The Union Chapel has been a regular feature in the history of the Penguin Cafe Orchestra. It was the setting for several shows by Simon Jeffes’ original ensemble in the 1990s and it hosted concerts by remaining members of the PCO in 2007 to commemorate the 10th anniversary of Jeffes’ death.
It was appropriate therefore that Penguin Cafe (the project led by Jeffes’ son Arthur) chose to mark the release of their second album with a trio of shows at the Islington venue. The demographic of the audience on this second night suggested a high percentage were present for these earlier shows, but judging by the rapturous reception the show received, the new ensemble are already being held in similarly high regard.
They may have taken to the stage to the sound of PCO classic Telephone And Rubber Band but it was tracks from new album The Red Book that dominated the set. The choice of opener also unintentionally cast significance on the new material, for the idiosyncrasies and eccentricities of such PCO tracks seem to have been left behind to a degree. The influences and connections to PCO are still undoubtedly identifiable, but The Red Book is the sound of Jeffes breaking free, channelling more of his own personality and interests into the sound. During the early part of the set it is evident in the combined musical shuffle of Catania, the rustic mandolin and ukuleles of the Cuban-inspired Radio Bemba and in the juxtaposition of draped strings over the nimble, elastic arrangements of Bluejay.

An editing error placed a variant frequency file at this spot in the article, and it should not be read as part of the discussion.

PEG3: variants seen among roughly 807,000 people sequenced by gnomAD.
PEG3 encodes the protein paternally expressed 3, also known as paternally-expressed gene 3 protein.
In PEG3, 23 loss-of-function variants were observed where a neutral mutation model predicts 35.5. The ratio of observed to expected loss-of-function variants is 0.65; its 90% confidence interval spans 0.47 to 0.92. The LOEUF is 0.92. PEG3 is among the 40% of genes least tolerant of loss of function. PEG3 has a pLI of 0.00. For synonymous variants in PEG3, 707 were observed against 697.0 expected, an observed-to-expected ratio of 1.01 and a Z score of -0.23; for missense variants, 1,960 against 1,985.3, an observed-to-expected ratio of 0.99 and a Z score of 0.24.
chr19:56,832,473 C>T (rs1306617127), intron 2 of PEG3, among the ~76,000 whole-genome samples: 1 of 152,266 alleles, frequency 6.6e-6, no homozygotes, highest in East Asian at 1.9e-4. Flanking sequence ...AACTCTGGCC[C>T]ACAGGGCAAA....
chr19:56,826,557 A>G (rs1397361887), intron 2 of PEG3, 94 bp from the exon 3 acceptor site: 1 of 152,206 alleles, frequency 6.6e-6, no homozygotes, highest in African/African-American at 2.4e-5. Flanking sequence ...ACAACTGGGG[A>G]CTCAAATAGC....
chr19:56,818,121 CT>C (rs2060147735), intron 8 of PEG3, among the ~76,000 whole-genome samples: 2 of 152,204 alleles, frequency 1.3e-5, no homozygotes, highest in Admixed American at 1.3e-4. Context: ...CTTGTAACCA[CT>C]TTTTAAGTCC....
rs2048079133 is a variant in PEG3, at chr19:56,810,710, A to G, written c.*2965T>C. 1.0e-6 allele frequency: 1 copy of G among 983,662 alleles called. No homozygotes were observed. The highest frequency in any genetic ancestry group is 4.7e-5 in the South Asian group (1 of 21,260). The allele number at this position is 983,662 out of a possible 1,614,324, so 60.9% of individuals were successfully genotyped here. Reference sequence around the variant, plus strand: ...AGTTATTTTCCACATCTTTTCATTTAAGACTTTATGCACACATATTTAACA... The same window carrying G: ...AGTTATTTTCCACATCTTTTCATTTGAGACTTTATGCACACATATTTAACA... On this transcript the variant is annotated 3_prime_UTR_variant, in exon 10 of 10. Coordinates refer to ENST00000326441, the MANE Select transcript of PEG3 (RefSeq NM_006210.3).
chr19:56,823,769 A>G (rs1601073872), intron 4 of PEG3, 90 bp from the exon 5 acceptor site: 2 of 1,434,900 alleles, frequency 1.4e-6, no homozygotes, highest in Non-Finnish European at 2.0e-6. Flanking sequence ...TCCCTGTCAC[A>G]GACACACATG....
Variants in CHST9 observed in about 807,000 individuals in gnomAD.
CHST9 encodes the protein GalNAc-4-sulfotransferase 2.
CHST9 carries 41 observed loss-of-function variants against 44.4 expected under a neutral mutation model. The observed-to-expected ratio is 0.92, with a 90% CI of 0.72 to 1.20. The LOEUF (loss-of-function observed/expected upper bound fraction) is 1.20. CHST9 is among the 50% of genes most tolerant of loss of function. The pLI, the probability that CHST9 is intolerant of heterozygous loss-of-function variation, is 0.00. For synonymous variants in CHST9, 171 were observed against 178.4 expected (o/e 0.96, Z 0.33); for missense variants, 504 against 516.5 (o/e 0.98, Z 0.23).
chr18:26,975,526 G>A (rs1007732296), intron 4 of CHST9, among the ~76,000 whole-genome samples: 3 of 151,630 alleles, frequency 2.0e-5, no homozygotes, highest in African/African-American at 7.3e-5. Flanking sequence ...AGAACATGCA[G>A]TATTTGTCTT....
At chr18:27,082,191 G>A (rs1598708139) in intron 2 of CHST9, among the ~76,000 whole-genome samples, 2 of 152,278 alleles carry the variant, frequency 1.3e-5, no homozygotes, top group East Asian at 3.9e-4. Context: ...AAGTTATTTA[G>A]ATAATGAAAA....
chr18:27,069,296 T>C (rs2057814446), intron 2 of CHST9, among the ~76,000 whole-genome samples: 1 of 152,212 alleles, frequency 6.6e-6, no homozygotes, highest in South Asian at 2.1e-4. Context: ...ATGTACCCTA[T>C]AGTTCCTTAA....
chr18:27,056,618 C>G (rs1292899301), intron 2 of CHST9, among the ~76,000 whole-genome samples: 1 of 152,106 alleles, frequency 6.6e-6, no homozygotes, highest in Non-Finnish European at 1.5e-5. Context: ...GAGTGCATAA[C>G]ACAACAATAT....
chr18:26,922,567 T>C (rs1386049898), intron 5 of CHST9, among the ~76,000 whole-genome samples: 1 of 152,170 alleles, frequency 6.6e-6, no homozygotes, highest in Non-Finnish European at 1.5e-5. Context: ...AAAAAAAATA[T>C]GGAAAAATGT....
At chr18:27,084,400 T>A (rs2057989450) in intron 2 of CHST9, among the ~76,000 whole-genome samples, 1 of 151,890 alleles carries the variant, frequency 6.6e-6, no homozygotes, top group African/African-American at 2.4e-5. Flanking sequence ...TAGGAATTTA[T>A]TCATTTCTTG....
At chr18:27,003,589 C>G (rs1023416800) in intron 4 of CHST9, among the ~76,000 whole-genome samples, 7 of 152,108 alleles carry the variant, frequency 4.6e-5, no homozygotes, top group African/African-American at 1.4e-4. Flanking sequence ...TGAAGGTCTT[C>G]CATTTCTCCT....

There are also three new tracks themed around space and astronomy. Aurora has a restrained power and majesty, quietly and cinematically evoking the sound of the galaxies (appropriate given it was recorded at Skywalker Ranch, the studio of filmmaker George Lucas). Solaris possesses a similar finesse, while the granular minimalism of 1420 is based around the Wow! signal (a radio signal detected by scientists in the 1970s, suspected being of non-terrestrial origin). Jeffes disappears behind the pulpit to play the Union Chapel’s organ on the latter. A refusal to stick to one style was always a feature on PCO albums and the way Black Hibiscus is transformed from Chopin-inspired classical elegy towards ardent Latin colour shows it to be alive and well.
In terms of older material played there are no major surprises. Air à Danser skips along with a joyous weightlessness, tonight beginning with an extended classical guitar intro from Neil Codling. The mild, string-based frenzy of Swing The Cat retains its place in the set (with Jeffes light-heartedly commenting how the violins are “always just shy of being too fast”) as does the bluegrass-tinted, celebratory dash of Bean Fields.
Perpetuum Mobile remains four minutes of shimmering musical perfection meanwhile, and the patient unfurling of Nothing Really Blue shows how Jeffes is still keen to dip into lesser explored parts of his father’s catalogue. Penguin Cafe’s 2011 debut album A Matter Of Life is represented by the beautifully coalescing textures of Landau and the dazzling emotional peak of Harry Piers, played during the encore by Jeffes, alone on stage.
With tours of Japan and Australia imminent, further UK shows including a greater visual aspect being considered for 2015 and seeds of new material already being sown, it is an exciting time for Penguin Cafe, full of creative possibilities. Throw in such positive, accomplished shows like this and it’s clear that the sky’s the limit.